How to keep hedgehogs and other wildlife safe this Bonfire season
Bonfire-makers are being asked to take steps to save nesting hedgehogs from a terrible fate this Autumn.
With Bonfire Night and Halloween fast approaching, The British Hedgehog Preservation Society (BHPS) is urging people to build bonfires on the day they are to be lit to save hedgehogs and other wildlife from suffering.
This will not only save animals from burning to death but will also stop the bonfire from getting soaked should it rain the night before.
Fay Vass, Chief Executive of BHPS, said: “If material is stored on open ground in advance of having a bonfire, it’s crucial to dismantle it and move it to another spot just before lighting.
“Ensure it’s moved to clear ground – never on top of a pile of leaves as there could be a hedgehog underneath, and not too close to pampas grass which can ignite very easily and is another favourite spot for hedgehogs to hide under.”
If a large bonfire must be built in advance, BHPS advises that you protect it whilst building by putting some chicken wire, at least one-metre-high, all the way around the bottom.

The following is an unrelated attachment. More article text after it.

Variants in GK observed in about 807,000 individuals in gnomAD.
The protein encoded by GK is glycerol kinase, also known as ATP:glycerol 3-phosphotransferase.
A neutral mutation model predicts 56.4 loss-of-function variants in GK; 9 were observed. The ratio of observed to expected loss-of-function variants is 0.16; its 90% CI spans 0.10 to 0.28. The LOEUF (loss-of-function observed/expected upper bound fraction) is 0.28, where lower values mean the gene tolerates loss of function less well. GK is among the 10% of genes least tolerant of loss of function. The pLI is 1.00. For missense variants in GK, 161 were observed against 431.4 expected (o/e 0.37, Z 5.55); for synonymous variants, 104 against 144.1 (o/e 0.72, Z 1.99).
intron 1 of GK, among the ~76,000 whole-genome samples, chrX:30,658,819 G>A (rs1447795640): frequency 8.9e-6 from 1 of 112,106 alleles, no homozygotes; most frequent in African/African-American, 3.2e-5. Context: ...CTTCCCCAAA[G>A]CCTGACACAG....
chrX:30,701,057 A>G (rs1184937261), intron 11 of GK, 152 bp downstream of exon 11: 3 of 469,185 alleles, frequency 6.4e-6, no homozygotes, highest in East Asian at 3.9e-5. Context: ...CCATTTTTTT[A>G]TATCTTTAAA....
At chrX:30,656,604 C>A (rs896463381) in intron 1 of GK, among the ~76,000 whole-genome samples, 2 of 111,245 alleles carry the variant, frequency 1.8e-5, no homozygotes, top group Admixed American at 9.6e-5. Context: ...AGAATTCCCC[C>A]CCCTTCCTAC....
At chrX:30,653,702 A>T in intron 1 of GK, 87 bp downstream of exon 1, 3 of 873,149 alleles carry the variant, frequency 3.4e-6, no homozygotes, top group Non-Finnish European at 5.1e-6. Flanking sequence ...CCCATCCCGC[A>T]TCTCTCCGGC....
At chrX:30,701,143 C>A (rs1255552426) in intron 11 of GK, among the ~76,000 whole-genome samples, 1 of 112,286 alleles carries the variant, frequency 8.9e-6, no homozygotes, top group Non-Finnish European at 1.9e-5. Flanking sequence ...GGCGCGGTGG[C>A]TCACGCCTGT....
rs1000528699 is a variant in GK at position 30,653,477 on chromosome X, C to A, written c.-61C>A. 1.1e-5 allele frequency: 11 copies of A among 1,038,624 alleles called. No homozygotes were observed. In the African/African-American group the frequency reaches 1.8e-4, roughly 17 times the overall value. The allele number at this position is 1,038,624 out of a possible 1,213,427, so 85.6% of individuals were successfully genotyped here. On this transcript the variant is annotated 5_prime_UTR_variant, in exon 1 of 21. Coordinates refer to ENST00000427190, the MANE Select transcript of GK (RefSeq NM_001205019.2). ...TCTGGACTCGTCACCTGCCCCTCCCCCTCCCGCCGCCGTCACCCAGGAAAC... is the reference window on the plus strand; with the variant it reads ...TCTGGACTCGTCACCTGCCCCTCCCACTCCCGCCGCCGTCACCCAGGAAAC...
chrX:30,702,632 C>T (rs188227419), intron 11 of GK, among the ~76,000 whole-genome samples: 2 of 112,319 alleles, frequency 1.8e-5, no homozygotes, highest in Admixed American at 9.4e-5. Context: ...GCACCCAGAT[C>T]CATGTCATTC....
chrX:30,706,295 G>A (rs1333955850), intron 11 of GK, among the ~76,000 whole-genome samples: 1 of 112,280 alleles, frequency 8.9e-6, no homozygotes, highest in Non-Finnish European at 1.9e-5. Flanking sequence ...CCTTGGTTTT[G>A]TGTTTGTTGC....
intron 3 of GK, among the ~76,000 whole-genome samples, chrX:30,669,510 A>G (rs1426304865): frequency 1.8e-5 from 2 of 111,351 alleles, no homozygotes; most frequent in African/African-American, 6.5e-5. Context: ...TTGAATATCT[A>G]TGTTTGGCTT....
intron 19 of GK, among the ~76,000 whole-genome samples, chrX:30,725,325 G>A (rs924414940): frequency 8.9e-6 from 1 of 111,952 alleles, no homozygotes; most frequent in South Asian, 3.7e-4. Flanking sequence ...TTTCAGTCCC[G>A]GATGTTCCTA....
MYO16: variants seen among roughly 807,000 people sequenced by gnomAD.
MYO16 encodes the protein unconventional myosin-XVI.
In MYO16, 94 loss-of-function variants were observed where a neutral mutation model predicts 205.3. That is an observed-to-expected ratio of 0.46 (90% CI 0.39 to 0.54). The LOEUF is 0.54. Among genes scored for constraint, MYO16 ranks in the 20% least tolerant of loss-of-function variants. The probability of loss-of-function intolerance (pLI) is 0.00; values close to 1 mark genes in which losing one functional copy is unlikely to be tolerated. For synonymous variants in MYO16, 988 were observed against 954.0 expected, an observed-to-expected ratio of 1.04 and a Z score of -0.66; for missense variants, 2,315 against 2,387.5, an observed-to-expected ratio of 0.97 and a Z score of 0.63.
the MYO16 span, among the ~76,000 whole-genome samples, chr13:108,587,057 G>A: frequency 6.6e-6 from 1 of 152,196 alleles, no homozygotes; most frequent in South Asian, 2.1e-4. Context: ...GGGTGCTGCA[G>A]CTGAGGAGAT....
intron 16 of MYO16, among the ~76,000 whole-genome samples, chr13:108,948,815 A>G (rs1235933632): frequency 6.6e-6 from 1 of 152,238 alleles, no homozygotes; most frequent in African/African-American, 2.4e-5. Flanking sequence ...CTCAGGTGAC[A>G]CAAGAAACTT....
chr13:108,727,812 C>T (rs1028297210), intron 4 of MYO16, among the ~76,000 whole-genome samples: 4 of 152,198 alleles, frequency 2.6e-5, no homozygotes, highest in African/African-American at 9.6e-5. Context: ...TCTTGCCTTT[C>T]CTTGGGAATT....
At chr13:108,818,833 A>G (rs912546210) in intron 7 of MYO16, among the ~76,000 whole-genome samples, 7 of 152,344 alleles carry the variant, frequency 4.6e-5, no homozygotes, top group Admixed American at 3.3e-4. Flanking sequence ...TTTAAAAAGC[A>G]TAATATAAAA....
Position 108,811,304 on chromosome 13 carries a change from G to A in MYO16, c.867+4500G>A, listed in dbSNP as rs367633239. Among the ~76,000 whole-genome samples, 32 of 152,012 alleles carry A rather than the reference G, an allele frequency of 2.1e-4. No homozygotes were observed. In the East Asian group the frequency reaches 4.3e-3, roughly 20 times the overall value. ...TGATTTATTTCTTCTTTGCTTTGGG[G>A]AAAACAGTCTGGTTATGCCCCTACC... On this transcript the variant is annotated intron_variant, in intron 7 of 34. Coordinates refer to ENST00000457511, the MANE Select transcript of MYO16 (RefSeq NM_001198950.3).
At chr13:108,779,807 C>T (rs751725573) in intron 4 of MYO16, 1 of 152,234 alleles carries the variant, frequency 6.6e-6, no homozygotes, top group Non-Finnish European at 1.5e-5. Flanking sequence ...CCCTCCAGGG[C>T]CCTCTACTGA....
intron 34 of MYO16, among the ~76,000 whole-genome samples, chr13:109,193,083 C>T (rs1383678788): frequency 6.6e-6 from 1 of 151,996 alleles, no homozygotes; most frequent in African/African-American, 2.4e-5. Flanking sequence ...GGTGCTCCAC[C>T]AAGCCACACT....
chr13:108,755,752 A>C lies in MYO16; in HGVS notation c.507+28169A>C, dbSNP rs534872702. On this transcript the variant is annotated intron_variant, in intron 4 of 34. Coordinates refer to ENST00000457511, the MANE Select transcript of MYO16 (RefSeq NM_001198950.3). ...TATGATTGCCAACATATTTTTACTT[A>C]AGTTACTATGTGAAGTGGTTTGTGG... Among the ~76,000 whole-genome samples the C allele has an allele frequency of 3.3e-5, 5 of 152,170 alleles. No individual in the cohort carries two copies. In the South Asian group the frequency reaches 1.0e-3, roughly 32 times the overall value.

This should be held in place with stakes and the wire should slope outwards at an angle to make it difficult to climb, as hedgehogs are good climbers.
In case you have missed anything, light the fire from one side only and keep people away from the unlit side so that any hedgehogs can hopefully escape in peace.
If, whilst building, a bonfire is left unattended, for however short a time, it’s imperative to check for young children, hedgehogs and other animals, including family pets, before lighting.
As hedgehogs tend to hide in the centre and bottom two feet of the bonfire, check by gently lifting the bonfire section by section with a pole or broom.
Never use a spade or fork as these can stab them. Using a torch will help to see and listen for a hissing sound, as this is the noise they make when disturbed.
Fay added: “If hedgehogs are found, take as much of the nest as you can and place them in a high-sided cardboard or plastic box with plenty of newspaper/old towelling.
“Ensure there are air holes in the lid and that the lid is secured firmly to the box, as hedgehogs are great climbers.
“Wear garden gloves so as not to get human smells on them and to keep them calm as hedgehogs are easily stressed – also, it protects your hands from their spikes.
“Put the box in a safe quiet place such as a shed or garage well away from the festivities, offer specialist hedgehog food, meaty cat or dog food and water. Once the bonfire is totally dampened down, release the hedgehog under a hedge, bush or behind a stack of logs.”
And BHPS says going to an official organised fireworks display is a far safer option for both humans and animals.
For more information on helping hedgehogs VISIT www.britishhedgehogs.org.uk